Patent published on July 27, 2023

NTT's Smart Spectacles React to Your Eye and Jaw Movements

Smart spectacles have been talked about for decades, but never have been more than a concept. They’re one of those pieces of tech that many have expected to find in the future, but have yet to become reality.

This all may soon change with Nippon Telegraph and Telephone (NTT)’s new patent, US20230236441A1. This patent outlines a device capable of detecting when the wearer of the spectacles moves their eyelid, eyebrow, and jaw. If all three movements are detected at the same time, the frame of the device is programmed to send a command.

This command could be used to activate a variety of functions. For instance, NTT’s spectacles could be connected with a smartphone or laptop to enable the user to control the device without having to rely on a traditional mouse or keyboard. This could be especially helpful for people with limited mobility, allowing them to access digital content and services without needing to use their hands.

In addition, the spectacles could be used to control a variety of smart home devices. Imagine being able to turn on the lights by simply moving your eyes and jaw. Or, how about using the same motion to dim the lights or adjust the temperature? These are a few of the potential applications that could be enabled by NTT’s patent.

The patent also outlines how the frames of the spectacles could be used to detect the user’s biometrics. This could be used to analyse the user’s emotional state in order to personalize their experience. For instance, the device could detect when the user is feeling anxious and then adjust the display accordingly.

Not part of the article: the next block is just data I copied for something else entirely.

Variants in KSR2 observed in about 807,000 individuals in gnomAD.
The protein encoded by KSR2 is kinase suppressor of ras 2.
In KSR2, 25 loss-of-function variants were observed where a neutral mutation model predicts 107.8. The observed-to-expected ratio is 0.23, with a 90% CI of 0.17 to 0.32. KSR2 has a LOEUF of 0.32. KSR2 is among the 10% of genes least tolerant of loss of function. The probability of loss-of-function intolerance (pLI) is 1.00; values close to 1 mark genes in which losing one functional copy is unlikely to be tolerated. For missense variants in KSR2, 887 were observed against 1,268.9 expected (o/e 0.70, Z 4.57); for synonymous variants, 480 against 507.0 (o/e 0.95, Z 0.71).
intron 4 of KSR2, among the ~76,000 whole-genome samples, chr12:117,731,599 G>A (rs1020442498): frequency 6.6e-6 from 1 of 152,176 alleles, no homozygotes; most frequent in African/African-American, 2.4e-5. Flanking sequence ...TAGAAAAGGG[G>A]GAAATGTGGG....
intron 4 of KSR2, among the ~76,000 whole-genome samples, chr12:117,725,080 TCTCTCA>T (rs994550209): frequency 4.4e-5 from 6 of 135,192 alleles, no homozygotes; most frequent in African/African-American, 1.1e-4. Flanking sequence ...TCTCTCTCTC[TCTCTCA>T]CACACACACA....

Of course, these are all just potential applications of the patent. It’s important to remember that a patent doesn’t guarantee a product will hit the market. Much of this technology is still in the development stage, and there’s no telling when or if it will be available to the public.

Still, the potential is exciting. NTT’s patent could revolutionize the way we interact with digital devices, allowing people with limited mobility to access content and services they couldn’t before. It’s also an exciting step forward in the area of biometrics, potentially enabling us to customize our experience based on our emotional state.

Overall, NTT’s patent could open up a whole new world of possibilities. While there’s no guarantee that it will ever be available to the public, it’s certainly an exciting development that could forever change the way we interact with technology.

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